It was a hot sunny day in Phuentsholing on June 27. Ram Bahadur Pakhrin from Tading in Samtse is crossing the Amochu.
Carrying a 30kg load on his back, he uses the suspension bridge to cross over.
Ram Bahadur Pakhrin looks forward to cross the Amochhu at Purbey in Phuentsholing on the bridge that is being constructed.
He has been waiting for more than eight years now.
Purbey, nine kilometres away from Phuentsholing, is the point that would link Phuentsholing and Samtse via the internal road. The other side of Purbey is Samtse’s Tading gewog.
While residents like Ram Bahadur Pakhrin wait for the bridge to complete, the bridge construction has failed to meet several deadlines. Its completion date is still not scheduled.
A bolero driver, Sher Bahadur Bhujel, who is also from Panbari in Tading said having a bridge over Amochhu bridge, would ease life for them. Samtse is 58 km from Purbey.
“It would also be easy for us to travel and bring the sick to Phuentsholing,” he said.
Sher Bahadur Bhujel also said that it has been about nine years since the bridge construction began.
“My father worked in the construction of the suspension bridge over Amochhu many years ago,” he said, adding that the suspension bridge was completed in a month’s time.
Once complete, Amochhu bridge is also expected to attract people from Dorokha, Dumtey, and Denchukha. Drive time from Halhaley, the common point between Samtse and Phuentsholing is shorter towards Purbey than towards Samtse.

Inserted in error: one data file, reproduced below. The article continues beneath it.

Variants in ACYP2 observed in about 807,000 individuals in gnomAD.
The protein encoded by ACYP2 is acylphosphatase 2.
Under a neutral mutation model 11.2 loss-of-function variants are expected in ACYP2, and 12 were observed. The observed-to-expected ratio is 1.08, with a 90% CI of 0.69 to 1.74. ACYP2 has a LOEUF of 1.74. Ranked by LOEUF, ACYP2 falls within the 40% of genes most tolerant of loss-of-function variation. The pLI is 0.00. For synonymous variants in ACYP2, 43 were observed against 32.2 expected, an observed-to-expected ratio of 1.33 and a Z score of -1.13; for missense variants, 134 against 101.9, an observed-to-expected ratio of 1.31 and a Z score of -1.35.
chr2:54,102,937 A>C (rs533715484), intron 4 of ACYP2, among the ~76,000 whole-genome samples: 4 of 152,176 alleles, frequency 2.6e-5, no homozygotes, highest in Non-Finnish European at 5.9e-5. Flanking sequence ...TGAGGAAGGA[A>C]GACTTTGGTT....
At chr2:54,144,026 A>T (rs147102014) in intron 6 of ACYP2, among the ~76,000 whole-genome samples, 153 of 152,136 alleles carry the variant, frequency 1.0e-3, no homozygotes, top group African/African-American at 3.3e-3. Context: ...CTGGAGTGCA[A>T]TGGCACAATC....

Drivers say it takes 40 minutes to reach Phuentsholing from Halhaley, while it is an hour’s drive to Samtse.
The Department of Roads (DoR) in Phuentsholing region had terminated Gaseb Construction and its Nepal based joint venture (JV) partner Kalika Construction for failing to meet the deadline. It was the second termination since the bridge construction started in April 2009.
Bhutan Builders and its India-based JV partner DK Engineering & Construction private limited executed the work initially. The contractors were terminated 30 months after the work was awarded for failing to complete 50 percent of the work target in the stipulated time.
Locals say that the media reported claiming that the bridge construction would complete in August this year but there was no progress at the site.
A villager, Bhimlal Moktan, said the government has provided many amenities for rural development but without the completion of the bridge on time, they could not reap the full benefit. “I don’t know why it is taking so long.”
The 175-metre long semi-through type steel arch Amochu bridge was first scheduled to complete in September 2011. In 2014, the bridge made a breakthrough as its arch erection completed but a flood in July 2015 caused a major damage to the construction and a loss of about Nu 10M.
Once complete, the bridge will be the longest permanent (concrete) bridge in the country and will link the 58km Phuentsholing-Samtse highway.
DoR officials confirmed that a minor glitch was seen on the Samtse side of the bridge end and said works for the rectification has been awarded.
Rajesh Rai | Phuentsholing